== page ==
shoemaker


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Related to shoemaker: Willie Shoemaker

shoe·mak·er

 (sho͞o′mā′kər)
n.
One that makes or repairs shoes.

shoe′mak′ing n.

shoemaker

(ˈʃuːˌmeɪkə)
n
(Professions) a person who makes or repairs shoes or boots
ˈshoeˌmaking n

shoe•mak•er

(ˈʃuˈmeɪ kər)

n.
a person who makes or mends shoes.
ThesaurusAntonymsRelated WordsSynonymsLegend:
Noun1.shoemaker - a person who makes or repairs shoesshoemaker - a person who makes or repairs shoes
boot maker, bootmaker - a maker of boots
maker, shaper - a person who makes things

shoemaker

noun cobbler, bootmaker, souter (Scot.) I'm a shoemaker by trade.
Translations
صانِع الأحْذِيَه
obuvníkšvec
skohandlerskomager
suutari
cipészsuszter
skósmiîur
sutor

shoemaker

[ˈʃuːˌmeɪkəʳ] Nzapatero/a m/f

shoemaker

[ˈʃuːmeɪkər] nbottier mshoe polish ncirage mshoe rack nétagère f à chaussuresshoe repairer ncordonnier/ière m/fshoe shop nmagasin m de chaussuresshoe size npointure f

shoemaker

[ˈʃuːˌmeɪkəʳ] ncalzolaio

shoe

(ʃuː) noun
1. an outer covering for the foot. a new pair of shoes.
2. (also ˈhorseshoe) a curved piece of iron nailed to the hoof of a horse.
verbpresent participle ˈshoeing: past tense, past participles shod (ʃod) , shoed
to put a shoe or shoes on (a horse etc).
shod (ʃod) adjective
with a shoe or shoes on.
ˈshoelace , (American) ˈshoestring noun
a kind of string or cord for fastening a shoe.
ˈshoemaker noun
a person who makes, repairs, or sells shoes.
on a shoestring
with or using very little money. He has to live on a shoestring.
References in classic literature ?
Jeremiah, and Billings and Buddha walk together, side by side, right behind a crowd from planets not in our astronomy; next come a dozen or two from Jupiter and other worlds; next come Daniel, and Sakka and Confucius; next a lot from systems outside of ours; next come Ezekiel, and Mahomet, Zoroaster, and a knife-grinder from ancient Egypt; then there is a long string, and after them, away down toward the bottom, come Shakespeare and Homer, and a shoemaker named Marais, from the back settlements of France.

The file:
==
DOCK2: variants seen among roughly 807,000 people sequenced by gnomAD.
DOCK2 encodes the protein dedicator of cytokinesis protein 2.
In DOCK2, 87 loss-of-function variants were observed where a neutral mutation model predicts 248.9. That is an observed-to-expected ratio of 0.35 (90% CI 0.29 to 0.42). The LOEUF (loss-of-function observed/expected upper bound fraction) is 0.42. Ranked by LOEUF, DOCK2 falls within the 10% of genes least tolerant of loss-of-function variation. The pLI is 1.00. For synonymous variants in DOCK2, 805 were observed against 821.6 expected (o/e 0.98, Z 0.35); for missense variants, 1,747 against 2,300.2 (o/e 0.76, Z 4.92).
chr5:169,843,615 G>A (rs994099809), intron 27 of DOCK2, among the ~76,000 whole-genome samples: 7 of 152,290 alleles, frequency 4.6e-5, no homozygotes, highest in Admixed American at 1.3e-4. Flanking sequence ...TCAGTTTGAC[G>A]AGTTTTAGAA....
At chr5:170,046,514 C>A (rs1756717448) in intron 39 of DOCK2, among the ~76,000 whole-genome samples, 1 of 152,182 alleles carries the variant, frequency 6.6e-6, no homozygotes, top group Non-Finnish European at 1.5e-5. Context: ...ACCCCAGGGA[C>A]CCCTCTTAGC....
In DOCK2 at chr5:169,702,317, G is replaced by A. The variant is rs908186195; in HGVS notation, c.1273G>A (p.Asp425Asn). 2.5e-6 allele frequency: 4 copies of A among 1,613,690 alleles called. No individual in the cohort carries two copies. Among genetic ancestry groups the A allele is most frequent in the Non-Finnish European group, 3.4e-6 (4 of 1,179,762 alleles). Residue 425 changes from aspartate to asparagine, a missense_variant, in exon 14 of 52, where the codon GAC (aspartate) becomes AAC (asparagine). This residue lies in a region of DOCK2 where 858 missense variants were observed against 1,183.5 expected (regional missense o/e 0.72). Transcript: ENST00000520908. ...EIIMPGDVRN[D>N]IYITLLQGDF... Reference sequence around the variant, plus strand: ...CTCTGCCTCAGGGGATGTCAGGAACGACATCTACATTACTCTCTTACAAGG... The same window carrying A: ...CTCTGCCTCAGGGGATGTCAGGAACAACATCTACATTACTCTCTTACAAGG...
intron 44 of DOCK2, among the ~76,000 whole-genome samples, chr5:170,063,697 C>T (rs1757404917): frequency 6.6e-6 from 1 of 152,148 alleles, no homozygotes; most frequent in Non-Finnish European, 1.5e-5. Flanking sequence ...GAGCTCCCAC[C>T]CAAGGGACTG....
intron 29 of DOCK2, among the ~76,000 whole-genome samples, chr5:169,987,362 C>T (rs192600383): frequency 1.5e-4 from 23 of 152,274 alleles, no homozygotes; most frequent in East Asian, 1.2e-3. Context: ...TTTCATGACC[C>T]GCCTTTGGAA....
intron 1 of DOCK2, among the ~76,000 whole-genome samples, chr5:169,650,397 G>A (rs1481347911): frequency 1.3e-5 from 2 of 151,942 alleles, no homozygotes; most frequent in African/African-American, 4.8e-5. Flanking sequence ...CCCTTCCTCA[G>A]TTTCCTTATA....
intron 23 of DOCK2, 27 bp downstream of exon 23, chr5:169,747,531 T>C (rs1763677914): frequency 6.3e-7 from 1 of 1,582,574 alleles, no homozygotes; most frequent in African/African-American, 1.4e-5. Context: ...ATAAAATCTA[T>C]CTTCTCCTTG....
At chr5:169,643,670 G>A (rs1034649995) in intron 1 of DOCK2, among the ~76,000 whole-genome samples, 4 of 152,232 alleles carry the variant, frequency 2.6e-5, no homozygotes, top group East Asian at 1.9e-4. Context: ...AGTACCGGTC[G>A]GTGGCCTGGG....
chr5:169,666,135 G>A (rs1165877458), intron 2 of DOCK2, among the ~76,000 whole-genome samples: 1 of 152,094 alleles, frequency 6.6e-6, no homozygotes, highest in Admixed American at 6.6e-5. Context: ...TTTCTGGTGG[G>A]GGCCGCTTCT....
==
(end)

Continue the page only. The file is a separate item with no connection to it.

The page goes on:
I want," said Defarge, who had not removed his gaze from the shoemaker, "to let in a little more light here.
an agriculturist yesterday, a shoemaker to-day, and a school master to-morrow
There was once a shoemaker, who worked very hard and was very honest: but still he could not earn enough to live upon; and at last all he had in the world was gone, save just leather enough to make one pair of shoes.
The village had formerly contained, side by side with the argicultural labourers, an interesting and better-informed class, ranking distinctly above the former--the class to which Tess's father and mother had belonged--and including the carpenter, the smith, the shoemaker, the huckster, together with nondescript workers other than farm-labourers; a set of people who owed a certain stability of aim and conduct to the fact of their being lifeholders like Tess's father, or copyholders, or occasionally, small freeholders.
Sir Leicester in his gallantry retires, rather declining to accept a bow from the young man as he goes out and majestically supposing him to be some shoemaker of intrusive appearance.
The Muhammadan merchant, tinman, shoemaker, or vendor of trifles sits cross-legged on the floor and reaches after any article you may want to buy.
Mayhap that may be so," quoth Robin, "for I bring to mind that Gaffer Swanthold sayeth Jack Shoemaker maketh ill bread; Tom Baker maketh ill shoon.
James Burne Worson was a shoemaker who lived in Leamington, Warwickshire, England.
We cannot tell among the men who pass us, all clad alike in dull, sad-colored clothes, who is a knight and who is a merchant, who is a shoemaker and who is a baker.
I am sure there was a case in the day before yesterday's paper, extracted from one of the French newspapers, about a journeyman shoemaker who was jealous of a young girl in an adjoining village, because she wouldn't shut herself up in an air- tight three-pair-of-stairs, and charcoal herself to death with him; and who went and hid himself in a wood with a sharp-pointed knife, and rushed out, as she was passing by with a few friends, and killed himself first, and then all the friends, and then her--no, killed all the friends first, and then herself, and then HIMself--which it is quite frightful to think of.
A shoemaker came, and with him a haberdasher, a tailor, and a hatter.